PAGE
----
Toddlers (Ages 1 – 3)
Peekaboo Morning by Rachel Isadora
A toddler plays a game of peekaboo, and you’re invited to play too. Isadora’s brilliant, joyful pastel illustrations will delight babies with their cozy depictions of people, toys, and animals.
Baby Dance by Ann Taylor
While Mama is napping on the sofa, Father comforts his baby daughter, and soon they are dancing and singing lovingly across the pages.
I Can Do It Too! by Karen Baicker
With caring support from her family and friends, a young girl finds that she is big enough to do many things that grownups can do and to pass on loving encouragement of her own.
Picture Books (Pre K-K)
Sojourner Truth’s Step-Stomp Stride by Andrea Davis Pinkney and Brian Pinkney
Born into slavery, Belle had to endure the cruelty of several masters before she escaped to freedom—but she knew she wouldn’t really be free until she began fighting to end injustice. That’s when she changed her name to Sojourner and began traveling across the country, demanding equal rights for black people and for women. Slowly, but as surely as Sojourner’s step-stomp stride, America began to change.
Lucky Beans by Becky Birtha
During the Great Depression, Marshall, an African-American boy, uses lessons learned in arithmetic class and guidance from his mother to figure out how many beans are in a jar in order to win her a new sewing machine in a contest.
Sweet Music in Harlem by Debbie A. Taylor
C.J., who aspires to be as great a jazz musician as his uncle, searches for Uncle Click’s hat in preparation for an important photograph and inadvertently gathers some of the greatest musicians of 1950s Harlem together.
Early Readers (Grades 1-3)
Belle, the Last Mule at Gee’s Bend by Calvin Alexander Ramsey and Bettye Stroud
In Gee’s Bend, Alabama, Miz Pettway tells young Alex about the role her mule played in the struggle for civil rights led by Dr. Martin Luther King, Jr. Includes factual information about the community of Gee’s Bend and Martin Luther King, Jr.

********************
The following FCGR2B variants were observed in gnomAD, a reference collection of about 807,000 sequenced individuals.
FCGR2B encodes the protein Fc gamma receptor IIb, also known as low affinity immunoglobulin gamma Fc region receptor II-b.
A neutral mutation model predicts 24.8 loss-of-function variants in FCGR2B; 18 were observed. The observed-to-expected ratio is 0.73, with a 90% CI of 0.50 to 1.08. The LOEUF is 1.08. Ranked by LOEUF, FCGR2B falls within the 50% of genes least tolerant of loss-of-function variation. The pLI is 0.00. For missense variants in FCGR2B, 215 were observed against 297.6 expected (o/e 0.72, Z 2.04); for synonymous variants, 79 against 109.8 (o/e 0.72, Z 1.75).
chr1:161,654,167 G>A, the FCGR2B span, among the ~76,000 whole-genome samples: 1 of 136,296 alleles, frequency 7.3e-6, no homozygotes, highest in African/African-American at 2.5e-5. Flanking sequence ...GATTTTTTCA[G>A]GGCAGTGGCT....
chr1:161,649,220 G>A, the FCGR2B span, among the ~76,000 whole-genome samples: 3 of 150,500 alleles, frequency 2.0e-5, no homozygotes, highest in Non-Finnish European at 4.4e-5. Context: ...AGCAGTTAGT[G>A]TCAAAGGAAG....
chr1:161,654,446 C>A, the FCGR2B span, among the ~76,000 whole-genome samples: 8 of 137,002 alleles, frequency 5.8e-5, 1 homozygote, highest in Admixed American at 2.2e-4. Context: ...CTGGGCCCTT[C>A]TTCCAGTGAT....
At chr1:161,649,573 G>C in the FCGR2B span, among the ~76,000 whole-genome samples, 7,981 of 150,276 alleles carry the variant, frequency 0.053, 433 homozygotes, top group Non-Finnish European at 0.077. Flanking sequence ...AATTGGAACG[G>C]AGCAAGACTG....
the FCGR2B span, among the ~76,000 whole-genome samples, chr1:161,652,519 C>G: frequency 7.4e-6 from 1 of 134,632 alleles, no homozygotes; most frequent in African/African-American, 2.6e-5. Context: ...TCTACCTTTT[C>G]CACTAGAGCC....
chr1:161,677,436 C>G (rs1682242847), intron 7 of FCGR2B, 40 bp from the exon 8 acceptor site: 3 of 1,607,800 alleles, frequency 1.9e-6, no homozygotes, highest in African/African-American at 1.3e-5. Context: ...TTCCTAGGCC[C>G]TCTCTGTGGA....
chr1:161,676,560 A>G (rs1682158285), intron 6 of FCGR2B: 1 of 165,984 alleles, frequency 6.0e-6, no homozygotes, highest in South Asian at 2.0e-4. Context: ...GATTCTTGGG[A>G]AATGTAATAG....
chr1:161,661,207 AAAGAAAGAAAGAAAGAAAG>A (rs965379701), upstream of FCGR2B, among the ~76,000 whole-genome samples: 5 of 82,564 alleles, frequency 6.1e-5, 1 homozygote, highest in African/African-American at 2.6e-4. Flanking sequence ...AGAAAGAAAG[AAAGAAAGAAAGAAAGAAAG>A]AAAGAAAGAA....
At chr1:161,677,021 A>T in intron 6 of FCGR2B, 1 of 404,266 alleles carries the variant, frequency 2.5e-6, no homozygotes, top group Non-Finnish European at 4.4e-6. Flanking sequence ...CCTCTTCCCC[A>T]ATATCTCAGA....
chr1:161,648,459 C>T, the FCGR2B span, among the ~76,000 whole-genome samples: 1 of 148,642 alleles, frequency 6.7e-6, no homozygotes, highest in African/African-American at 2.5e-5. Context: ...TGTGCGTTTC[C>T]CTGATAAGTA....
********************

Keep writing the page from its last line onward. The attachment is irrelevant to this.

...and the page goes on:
White Water by Michael S. Bandy and Eric Stein
After tasting the warm, rusty water from the fountain designated for African-Americans, a young boy questions why he cannot drink the cool, refreshing water from the “Whites Only” fountain. Based on a true experience co-author Michael S. Bandy had as a boy.
A Band of Angels: A Story Inspired by the Jubilee Singers by Deborah Hopkinson
This is the touching and inspiring story of the Jubilee Singers, a group which came together after the Civil War. It describes how they performed to save the Fisk School (now Fisk University) and preserved such musical treasures as “Go Down Moses” and “Many Thousand Gone” for future generations to hear, learn, and appreciate.
Children’s Fiction (Grades 4-6)
Freedom Stone by Jeffrey Kluger
Lillie’s papa believes that all slaves have the right to be free. When the Confederate Army promises freedom for the families of every slave who fights for the Confederacy, whether the soldiers come home or not, Lillie’s papa enlists. When the army’s promise goes unfulfilled, Lillie travels to the site of the battle that killed her father and, using a little magic of her own, rights a few wrongs and buys her family their freedom.
The Watsons Go to Birmingham – 1963 by Christopher Paul Curtis
The ordinary interactions and everyday routines of the Watsons, an African-American family living in Flint, Michigan, are drastically changed after they go to visit relatives in Alabama in the summer of 1963. The story of the awful events of that summer is balanced by the family’s humor and the strength of their love for one another.
The Buffalo Soldier by Sherry Garland
Realizing that his future lies in owning land, not just being free, a young man raised as a slave becomes a buffalo soldier—a member of an all-black cavalry regiment formed to protect white settlers from Indians, bandits, and outlaws, and an important part of the Spanish-American War.
Teen Fiction and Nonfiction (Ages 12 & up)
Marching for Freedom: Walk Together, Children, and Don’t You Grow Weary by Elizabeth Partridge
This book documents the deadly three months of protests that culminated in the landmark march from Selma to Montgomery in 1965. Focusing on the courageous children and teens who faced terrifying violence in order to march alongside King, this is an inspiring look at the fight for the vote. Stunningly emotional black-and-white photos accompany the text.
Bronx Masquerade by Nikki Grimes
While studying the Harlem Renaissance, students at a Bronx high school read aloud poems they’ve written, revealing their innermost thoughts and fears to their formerly clueless classmates.
At Her Majesty’s Request: An African Princess in Victorian England by Walter Dean Myers
This enthralling biography of Sarah Forbes Bonetta, the African princess saved from execution and taken to England, was pieced together by popular author Myers from a packet of letters found in a London bookshop. Queen Victoria becomes Sarah’s godmother, and Sarah lives in England for years before marrying an African missionary.